On Oct. 6, the president issued a new rule replacing the coercive HHS (Health & Human Services) mandate that had required all employers, including religious charities like the Little Sisters of the Poor, to provide contraceptives, abortion inducing drugs and sterilization, which clearly denied their deeply held religious beliefs.
In 2012 when this mandate (not a law) was issued by the HHS secretary, over 100 leaders of many different religions were critical of the mandate. They understood that such an imposition by government was destructive of religious liberty for all. They stated that, “The HHS policy is coercive and puts the administration in the position of defining – or casting aside – religious doctrine. This should trouble every American.”
The new ruling states, “entities that have sincerely held religious beliefs against providing such services (contraception, abortion drugs, sterilization) would no longer be required to do so.” These same protections apply to “organizations and small businesses that have objections on the basis of moral conviction which is not based in any particular religious belief.” With this action, Americans no longer have to prove that they deserve their religious liberty. Now, any action by the federal government that would “substantially burden religious freedom” is held to an “exceptionally demanding standard.”
(hhs.gov, 10/6/17; Attorney General’s Memorandum on Religious Liberty)
Religious Freedom Restoration Act of 1993 “does not permit the federal government to second-guess the reasonableness of a religious belief.”
“A thankful heart is not only the greatest virtue, but the parent of all the other virtues.” Marcus Cicero, circa 100 BC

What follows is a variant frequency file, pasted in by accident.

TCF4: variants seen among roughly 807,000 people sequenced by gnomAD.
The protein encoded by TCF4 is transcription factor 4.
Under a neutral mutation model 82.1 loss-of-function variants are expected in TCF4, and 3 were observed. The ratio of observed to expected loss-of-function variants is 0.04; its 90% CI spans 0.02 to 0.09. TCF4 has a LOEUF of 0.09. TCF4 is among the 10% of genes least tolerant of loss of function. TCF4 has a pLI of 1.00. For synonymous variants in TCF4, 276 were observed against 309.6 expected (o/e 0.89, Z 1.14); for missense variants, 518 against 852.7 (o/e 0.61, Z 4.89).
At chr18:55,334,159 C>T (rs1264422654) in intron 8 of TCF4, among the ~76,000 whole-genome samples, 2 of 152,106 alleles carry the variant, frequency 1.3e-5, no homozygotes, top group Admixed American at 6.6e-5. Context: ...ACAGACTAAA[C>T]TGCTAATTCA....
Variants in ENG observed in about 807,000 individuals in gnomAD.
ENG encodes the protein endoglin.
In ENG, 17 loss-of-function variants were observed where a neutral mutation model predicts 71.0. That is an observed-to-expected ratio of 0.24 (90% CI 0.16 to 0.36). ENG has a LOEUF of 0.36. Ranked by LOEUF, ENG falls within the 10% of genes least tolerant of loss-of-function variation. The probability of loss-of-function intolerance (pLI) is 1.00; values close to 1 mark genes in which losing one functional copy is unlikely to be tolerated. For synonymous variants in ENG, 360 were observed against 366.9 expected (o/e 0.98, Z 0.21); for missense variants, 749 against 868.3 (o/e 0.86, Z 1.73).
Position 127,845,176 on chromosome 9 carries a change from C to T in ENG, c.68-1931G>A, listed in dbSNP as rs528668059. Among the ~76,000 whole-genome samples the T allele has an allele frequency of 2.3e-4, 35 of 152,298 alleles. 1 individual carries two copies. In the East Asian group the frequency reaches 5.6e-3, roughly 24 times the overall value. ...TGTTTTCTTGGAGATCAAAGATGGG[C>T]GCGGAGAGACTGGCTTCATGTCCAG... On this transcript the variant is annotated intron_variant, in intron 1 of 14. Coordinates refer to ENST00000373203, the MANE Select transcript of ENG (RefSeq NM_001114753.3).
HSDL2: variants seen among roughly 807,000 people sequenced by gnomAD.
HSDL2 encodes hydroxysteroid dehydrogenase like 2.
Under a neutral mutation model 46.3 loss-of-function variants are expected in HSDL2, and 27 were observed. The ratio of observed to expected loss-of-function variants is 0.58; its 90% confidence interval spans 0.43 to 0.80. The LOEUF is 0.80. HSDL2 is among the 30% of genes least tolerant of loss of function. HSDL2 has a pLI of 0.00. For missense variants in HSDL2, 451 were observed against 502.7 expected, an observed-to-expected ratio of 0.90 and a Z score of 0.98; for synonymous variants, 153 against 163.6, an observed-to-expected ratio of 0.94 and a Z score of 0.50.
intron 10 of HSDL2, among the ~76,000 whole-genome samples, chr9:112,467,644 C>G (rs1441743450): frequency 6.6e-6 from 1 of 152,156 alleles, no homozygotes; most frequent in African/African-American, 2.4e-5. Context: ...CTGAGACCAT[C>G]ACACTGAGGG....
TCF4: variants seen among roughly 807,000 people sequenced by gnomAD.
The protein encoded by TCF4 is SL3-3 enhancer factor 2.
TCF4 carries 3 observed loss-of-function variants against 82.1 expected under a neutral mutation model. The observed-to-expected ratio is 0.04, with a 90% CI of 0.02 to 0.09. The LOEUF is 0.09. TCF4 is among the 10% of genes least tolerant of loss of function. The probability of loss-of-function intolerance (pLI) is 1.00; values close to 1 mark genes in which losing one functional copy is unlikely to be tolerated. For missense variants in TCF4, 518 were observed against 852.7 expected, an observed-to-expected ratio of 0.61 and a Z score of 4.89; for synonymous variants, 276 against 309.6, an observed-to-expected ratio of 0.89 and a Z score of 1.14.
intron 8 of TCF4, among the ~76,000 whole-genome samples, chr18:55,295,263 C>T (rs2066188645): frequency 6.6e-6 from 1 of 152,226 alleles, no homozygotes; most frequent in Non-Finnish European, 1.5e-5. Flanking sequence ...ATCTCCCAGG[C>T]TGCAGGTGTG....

The Supreme Court will rule next year on whether government may coerce Christians, Jews, and Muslims to use their creative gifts to celebrate same-sex marriage. It will review the case of baker, Jack Phillips, of Masterpiece Bakeshop, CO, who cites his Christian faith in declining to create a custom cake for a same-sex wedding.
“I will serve anyone who comes in,” Phillips said. However, designing a same-sex wedding cake would cross a line for him. “I shouldn’t be forced to create a cake that goes against my faith.”
Alliance Defending Freedom are asking the justices to rule on whether Colorado’s public accommodations law, forcing Phillips to use his artistic skills in a way that violates his conscience and sincere Christian beliefs about marriage, violates the free speech or free exercise of religion clauses of the Constitution’s First Amendment.
“Tolerance should be a two-way street,” said an ADF attorney. “The First Amendment protects Jack’s right to create artistic expression that is consistent with his core convictions.”
In a totally opposite ruling than for the Phillip’s case, in 2015 the Colorado Civil Rights Division ruled that another CO baker did not discriminate against a Christian by refusing to make two cakes in the shape of a bible with scripture passages and imagery that the baker interpreted to be anti-gay.